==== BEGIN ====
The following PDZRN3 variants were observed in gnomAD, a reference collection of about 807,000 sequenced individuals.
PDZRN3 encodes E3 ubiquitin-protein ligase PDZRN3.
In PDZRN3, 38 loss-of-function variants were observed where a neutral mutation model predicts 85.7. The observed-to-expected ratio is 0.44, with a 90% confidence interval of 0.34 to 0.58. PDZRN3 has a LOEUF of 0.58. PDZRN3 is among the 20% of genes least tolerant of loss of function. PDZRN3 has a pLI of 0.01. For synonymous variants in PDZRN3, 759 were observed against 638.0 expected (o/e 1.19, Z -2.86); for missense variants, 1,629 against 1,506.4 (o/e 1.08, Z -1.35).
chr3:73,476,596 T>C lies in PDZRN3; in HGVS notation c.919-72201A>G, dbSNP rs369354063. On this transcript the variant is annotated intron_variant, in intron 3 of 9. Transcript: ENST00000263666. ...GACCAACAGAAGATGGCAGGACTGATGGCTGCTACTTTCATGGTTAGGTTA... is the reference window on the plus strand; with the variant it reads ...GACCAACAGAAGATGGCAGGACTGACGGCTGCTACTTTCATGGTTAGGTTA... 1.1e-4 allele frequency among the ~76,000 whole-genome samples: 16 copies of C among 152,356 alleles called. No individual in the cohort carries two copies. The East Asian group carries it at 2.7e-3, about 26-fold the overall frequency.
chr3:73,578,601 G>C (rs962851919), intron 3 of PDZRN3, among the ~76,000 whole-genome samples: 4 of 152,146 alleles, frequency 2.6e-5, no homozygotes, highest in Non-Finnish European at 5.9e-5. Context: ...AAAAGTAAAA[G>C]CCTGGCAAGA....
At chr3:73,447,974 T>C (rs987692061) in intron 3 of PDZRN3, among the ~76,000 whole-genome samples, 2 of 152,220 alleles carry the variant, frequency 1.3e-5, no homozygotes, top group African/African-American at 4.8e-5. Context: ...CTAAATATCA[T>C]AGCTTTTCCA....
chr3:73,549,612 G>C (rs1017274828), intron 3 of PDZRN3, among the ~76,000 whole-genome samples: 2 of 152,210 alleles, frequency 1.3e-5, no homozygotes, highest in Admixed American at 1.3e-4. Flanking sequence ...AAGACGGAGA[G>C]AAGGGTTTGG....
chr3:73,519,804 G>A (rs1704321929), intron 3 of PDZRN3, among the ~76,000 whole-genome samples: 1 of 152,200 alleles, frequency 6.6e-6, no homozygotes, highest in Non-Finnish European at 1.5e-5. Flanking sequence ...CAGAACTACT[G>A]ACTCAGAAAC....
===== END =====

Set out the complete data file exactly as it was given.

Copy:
The following PDZRN3 variants were observed in gnomAD, a reference collection of about 807,000 sequenced individuals.
PDZRN3 encodes E3 ubiquitin-protein ligase PDZRN3.
In PDZRN3, 38 loss-of-function variants were observed where a neutral mutation model predicts 85.7. The observed-to-expected ratio is 0.44, with a 90% confidence interval of 0.34 to 0.58. PDZRN3 has a LOEUF of 0.58. PDZRN3 is among the 20% of genes least tolerant of loss of function. PDZRN3 has a pLI of 0.01. For synonymous variants in PDZRN3, 759 were observed against 638.0 expected (o/e 1.19, Z -2.86); for missense variants, 1,629 against 1,506.4 (o/e 1.08, Z -1.35).
chr3:73,476,596 T>C lies in PDZRN3; in HGVS notation c.919-72201A>G, dbSNP rs369354063. On this transcript the variant is annotated intron_variant, in intron 3 of 9. Transcript: ENST00000263666. ...GACCAACAGAAGATGGCAGGACTGATGGCTGCTACTTTCATGGTTAGGTTA... is the reference window on the plus strand; with the variant it reads ...GACCAACAGAAGATGGCAGGACTGACGGCTGCTACTTTCATGGTTAGGTTA... 1.1e-4 allele frequency among the ~76,000 whole-genome samples: 16 copies of C among 152,356 alleles called. No individual in the cohort carries two copies. The East Asian group carries it at 2.7e-3, about 26-fold the overall frequency.
chr3:73,578,601 G>C (rs962851919), intron 3 of PDZRN3, among the ~76,000 whole-genome samples: 4 of 152,146 alleles, frequency 2.6e-5, no homozygotes, highest in Non-Finnish European at 5.9e-5. Context: ...AAAAGTAAAA[G>C]CCTGGCAAGA....
At chr3:73,447,974 T>C (rs987692061) in intron 3 of PDZRN3, among the ~76,000 whole-genome samples, 2 of 152,220 alleles carry the variant, frequency 1.3e-5, no homozygotes, top group African/African-American at 4.8e-5. Context: ...CTAAATATCA[T>C]AGCTTTTCCA....
chr3:73,549,612 G>C (rs1017274828), intron 3 of PDZRN3, among the ~76,000 whole-genome samples: 2 of 152,210 alleles, frequency 1.3e-5, no homozygotes, highest in Admixed American at 1.3e-4. Flanking sequence ...AAGACGGAGA[G>C]AAGGGTTTGG....
chr3:73,519,804 G>A (rs1704321929), intron 3 of PDZRN3, among the ~76,000 whole-genome samples: 1 of 152,200 alleles, frequency 6.6e-6, no homozygotes, highest in Non-Finnish European at 1.5e-5. Flanking sequence ...CAGAACTACT[G>A]ACTCAGAAAC....